July 19, 2018 | Written by: Ricky Sutton
Categorized: AI/Watson | Media and Entertainment
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We don’t believe that the future of news-telling should be only within the purview of a few Silicon Valley startups. At Oovvuu, the plurality of media matters.
There’s been an incredibly rapid period of change for media companies over the past decade. Many large media companies have been caught off guard—going from being very big to very challenged, very quickly.
Our goal is to find a way to solve that challenge.
Finding a needle in a haystack
We’re an Australian, global media company with the aim of putting a contextually relevant video into every news article in the world.
Given changing consumption habits, we think that video will be at the center of news-telling in the future—and a potential key differentiator for large media companies, no matter where they are based.
Working with publishers and broadcasters like the BBC and Bloomberg, we use our technology to read their articles, watch their videos and then match them together. This reading and viewing is not an easy feat—there are on average 100,000 publishers, 2,000 stories an hour and 26 million topics a minute.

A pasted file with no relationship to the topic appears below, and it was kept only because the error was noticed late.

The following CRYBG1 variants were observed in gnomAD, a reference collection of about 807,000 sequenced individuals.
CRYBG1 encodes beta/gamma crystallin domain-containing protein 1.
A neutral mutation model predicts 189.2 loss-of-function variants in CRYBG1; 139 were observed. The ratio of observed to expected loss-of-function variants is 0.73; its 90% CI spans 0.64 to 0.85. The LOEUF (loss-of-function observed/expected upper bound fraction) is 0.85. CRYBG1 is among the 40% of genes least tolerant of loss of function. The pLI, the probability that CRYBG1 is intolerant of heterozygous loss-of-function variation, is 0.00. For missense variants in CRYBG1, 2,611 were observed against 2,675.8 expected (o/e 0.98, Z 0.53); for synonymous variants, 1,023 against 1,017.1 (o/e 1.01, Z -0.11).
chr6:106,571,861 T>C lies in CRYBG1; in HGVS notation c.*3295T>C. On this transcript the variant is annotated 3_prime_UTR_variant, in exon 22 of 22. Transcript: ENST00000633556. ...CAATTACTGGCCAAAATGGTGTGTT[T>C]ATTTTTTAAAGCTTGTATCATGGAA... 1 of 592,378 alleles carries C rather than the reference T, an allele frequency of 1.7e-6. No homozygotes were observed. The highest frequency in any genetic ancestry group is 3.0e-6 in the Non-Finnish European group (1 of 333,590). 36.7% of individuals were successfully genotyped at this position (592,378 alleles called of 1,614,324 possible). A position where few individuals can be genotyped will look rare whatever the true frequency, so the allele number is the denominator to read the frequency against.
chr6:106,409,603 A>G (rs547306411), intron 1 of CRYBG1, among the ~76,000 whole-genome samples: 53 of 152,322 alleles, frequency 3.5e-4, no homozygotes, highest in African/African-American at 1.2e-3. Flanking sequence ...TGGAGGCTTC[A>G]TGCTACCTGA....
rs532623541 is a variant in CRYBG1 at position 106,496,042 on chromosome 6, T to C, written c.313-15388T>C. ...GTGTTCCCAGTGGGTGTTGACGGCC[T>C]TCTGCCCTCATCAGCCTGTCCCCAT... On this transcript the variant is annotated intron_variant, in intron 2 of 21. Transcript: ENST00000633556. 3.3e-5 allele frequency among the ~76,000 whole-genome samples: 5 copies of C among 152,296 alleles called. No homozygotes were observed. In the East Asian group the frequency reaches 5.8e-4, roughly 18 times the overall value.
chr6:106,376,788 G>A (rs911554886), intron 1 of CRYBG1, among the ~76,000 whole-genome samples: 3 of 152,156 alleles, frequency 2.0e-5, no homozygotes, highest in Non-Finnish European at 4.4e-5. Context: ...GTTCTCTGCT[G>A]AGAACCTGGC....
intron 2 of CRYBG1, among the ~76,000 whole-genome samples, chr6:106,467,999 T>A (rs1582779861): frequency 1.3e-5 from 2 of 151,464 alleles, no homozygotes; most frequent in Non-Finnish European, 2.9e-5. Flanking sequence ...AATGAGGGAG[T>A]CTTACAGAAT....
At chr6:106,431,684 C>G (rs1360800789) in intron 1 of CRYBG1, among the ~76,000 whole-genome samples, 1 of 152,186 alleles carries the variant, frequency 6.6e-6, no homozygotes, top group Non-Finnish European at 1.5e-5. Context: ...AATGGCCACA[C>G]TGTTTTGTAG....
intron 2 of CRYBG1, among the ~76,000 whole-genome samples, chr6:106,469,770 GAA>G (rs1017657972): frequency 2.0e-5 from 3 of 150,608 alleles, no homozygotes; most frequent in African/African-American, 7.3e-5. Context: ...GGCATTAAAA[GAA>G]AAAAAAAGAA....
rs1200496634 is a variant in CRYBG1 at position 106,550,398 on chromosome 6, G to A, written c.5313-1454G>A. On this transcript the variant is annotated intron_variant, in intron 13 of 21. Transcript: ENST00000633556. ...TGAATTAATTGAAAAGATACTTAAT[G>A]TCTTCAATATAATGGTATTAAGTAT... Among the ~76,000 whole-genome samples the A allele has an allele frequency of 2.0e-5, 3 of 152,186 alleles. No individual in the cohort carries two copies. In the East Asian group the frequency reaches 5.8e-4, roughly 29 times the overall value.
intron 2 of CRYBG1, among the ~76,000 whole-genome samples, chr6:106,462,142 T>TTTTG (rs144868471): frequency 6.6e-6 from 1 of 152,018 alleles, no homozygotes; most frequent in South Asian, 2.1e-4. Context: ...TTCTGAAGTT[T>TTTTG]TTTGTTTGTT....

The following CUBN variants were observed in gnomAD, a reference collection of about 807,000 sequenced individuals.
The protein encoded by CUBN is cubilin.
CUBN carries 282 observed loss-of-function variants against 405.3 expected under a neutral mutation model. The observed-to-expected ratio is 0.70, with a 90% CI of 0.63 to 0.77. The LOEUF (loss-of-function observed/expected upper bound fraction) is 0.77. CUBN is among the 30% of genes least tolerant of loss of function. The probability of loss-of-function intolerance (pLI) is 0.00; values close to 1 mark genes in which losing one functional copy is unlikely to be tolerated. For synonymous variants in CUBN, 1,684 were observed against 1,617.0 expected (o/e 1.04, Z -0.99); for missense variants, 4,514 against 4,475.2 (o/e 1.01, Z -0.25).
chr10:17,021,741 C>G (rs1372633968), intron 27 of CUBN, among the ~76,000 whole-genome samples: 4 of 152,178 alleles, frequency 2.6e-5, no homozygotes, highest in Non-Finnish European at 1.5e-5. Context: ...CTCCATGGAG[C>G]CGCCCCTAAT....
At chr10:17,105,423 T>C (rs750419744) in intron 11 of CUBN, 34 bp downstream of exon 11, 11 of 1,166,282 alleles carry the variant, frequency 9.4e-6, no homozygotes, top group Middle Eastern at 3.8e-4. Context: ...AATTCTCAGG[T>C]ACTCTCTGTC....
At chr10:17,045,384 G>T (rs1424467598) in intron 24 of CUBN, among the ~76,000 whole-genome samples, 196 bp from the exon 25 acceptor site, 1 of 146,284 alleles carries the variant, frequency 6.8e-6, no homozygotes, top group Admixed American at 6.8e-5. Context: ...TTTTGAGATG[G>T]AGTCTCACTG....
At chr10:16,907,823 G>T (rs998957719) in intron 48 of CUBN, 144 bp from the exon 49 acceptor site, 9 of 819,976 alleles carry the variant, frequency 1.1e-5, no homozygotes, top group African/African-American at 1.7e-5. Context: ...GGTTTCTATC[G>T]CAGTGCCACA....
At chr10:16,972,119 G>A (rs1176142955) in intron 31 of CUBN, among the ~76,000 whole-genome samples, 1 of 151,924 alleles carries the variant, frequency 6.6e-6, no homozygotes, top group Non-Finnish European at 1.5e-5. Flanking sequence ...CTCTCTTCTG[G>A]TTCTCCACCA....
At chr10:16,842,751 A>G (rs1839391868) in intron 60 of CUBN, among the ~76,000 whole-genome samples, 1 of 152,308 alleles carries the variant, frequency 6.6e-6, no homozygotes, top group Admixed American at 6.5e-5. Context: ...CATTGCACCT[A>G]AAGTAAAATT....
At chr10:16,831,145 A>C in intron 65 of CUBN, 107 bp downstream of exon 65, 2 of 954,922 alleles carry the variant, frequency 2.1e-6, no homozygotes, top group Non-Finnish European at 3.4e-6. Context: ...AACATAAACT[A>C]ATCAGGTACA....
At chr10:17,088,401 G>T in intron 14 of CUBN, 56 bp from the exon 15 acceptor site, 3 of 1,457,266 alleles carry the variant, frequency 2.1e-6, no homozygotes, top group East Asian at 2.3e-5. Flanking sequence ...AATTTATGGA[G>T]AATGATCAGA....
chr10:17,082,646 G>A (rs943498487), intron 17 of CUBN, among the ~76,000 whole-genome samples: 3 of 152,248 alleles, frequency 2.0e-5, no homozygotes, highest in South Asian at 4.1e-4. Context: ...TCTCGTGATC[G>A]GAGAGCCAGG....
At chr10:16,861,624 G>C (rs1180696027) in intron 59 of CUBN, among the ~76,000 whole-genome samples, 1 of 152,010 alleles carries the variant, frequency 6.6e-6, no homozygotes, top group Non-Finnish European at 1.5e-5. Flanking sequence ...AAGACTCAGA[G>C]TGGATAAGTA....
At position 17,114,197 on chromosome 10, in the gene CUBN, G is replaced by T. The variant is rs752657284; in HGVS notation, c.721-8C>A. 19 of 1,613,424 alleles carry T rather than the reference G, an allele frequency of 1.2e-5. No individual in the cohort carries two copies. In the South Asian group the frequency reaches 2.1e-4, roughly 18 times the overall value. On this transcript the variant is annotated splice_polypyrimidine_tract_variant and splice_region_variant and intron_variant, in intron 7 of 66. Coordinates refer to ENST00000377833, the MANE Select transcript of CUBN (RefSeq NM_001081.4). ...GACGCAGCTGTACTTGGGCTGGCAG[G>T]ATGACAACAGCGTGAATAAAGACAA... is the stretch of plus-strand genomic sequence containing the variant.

Soon after we started addressing this challenge, we realized it was a task too daunting to do on our own.
Using Watson to improve media experiences
We began working with IBM Watson, namely its natural language processing APIs, and combined this with technology of our own. Watson extracts the metadata and our technology puts this data into context, giving better insight into what those words mean.
This added layer of context enables better matches between articles and videos. For example, if you have an article on Elon Musk, it is also helpful to know that it also discusses Mars as well as Musk’s aspirations to help get us there.
In the future, we hope that this video-matching will be done with increasing accuracy based on individual preferences. For example, one reader might get a BBC video related to a story, while another might get a video from Al Jazeera.
IBM quickly recognized the value of our proposition, which targets a $20 billion market segment. And, once we partnered with IBM, customers really started paying attention. We’ve taken off like a rocket, with our company growing at record speed.
Achieving historical first records
In March 2018 we achieved a historical first—we used artificial intelligence to insert a video into an article for the first time ever.
After searching over 75 years of video from 60 different global broadcasters to find the best video fit, our Watson-enabled technology paired an Indian publisher’s article on the Oscars with a video in less than a second.
Using AI in this fashion not only helps create more personalized, visual news experiences, but also frees up valuable time for media companies. This man and machine partnership enables each to do what they do best… humans creating and machines curating.